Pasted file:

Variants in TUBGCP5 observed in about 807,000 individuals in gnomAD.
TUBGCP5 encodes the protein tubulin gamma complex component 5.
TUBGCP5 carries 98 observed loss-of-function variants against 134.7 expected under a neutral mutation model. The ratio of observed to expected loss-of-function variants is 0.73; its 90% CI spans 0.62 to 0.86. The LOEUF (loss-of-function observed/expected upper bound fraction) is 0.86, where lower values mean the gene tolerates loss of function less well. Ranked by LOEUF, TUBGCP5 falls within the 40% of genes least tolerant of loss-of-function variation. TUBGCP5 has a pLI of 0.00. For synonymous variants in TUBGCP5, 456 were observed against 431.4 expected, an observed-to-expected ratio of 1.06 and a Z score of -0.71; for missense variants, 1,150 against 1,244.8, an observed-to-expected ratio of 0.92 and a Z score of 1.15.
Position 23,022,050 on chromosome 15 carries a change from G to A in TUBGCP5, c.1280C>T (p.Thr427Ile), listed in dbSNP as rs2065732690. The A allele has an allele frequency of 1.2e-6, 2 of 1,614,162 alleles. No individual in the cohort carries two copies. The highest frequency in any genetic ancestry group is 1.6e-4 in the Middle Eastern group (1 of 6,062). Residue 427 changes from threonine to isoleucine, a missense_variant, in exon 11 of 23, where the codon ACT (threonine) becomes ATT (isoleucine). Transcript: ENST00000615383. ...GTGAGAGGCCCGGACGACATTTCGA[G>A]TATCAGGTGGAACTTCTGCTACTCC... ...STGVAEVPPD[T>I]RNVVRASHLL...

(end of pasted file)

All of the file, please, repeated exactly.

Variants in TUBGCP5 observed in about 807,000 individuals in gnomAD.
TUBGCP5 encodes the protein tubulin gamma complex component 5.
TUBGCP5 carries 98 observed loss-of-function variants against 134.7 expected under a neutral mutation model. The ratio of observed to expected loss-of-function variants is 0.73; its 90% CI spans 0.62 to 0.86. The LOEUF (loss-of-function observed/expected upper bound fraction) is 0.86, where lower values mean the gene tolerates loss of function less well. Ranked by LOEUF, TUBGCP5 falls within the 40% of genes least tolerant of loss-of-function variation. TUBGCP5 has a pLI of 0.00. For synonymous variants in TUBGCP5, 456 were observed against 431.4 expected, an observed-to-expected ratio of 1.06 and a Z score of -0.71; for missense variants, 1,150 against 1,244.8, an observed-to-expected ratio of 0.92 and a Z score of 1.15.
Position 23,022,050 on chromosome 15 carries a change from G to A in TUBGCP5, c.1280C>T (p.Thr427Ile), listed in dbSNP as rs2065732690. The A allele has an allele frequency of 1.2e-6, 2 of 1,614,162 alleles. No individual in the cohort carries two copies. The highest frequency in any genetic ancestry group is 1.6e-4 in the Middle Eastern group (1 of 6,062). Residue 427 changes from threonine to isoleucine, a missense_variant, in exon 11 of 23, where the codon ACT (threonine) becomes ATT (isoleucine). Transcript: ENST00000615383. ...GTGAGAGGCCCGGACGACATTTCGA[G>A]TATCAGGTGGAACTTCTGCTACTCC... ...STGVAEVPPD[T>I]RNVVRASHLL...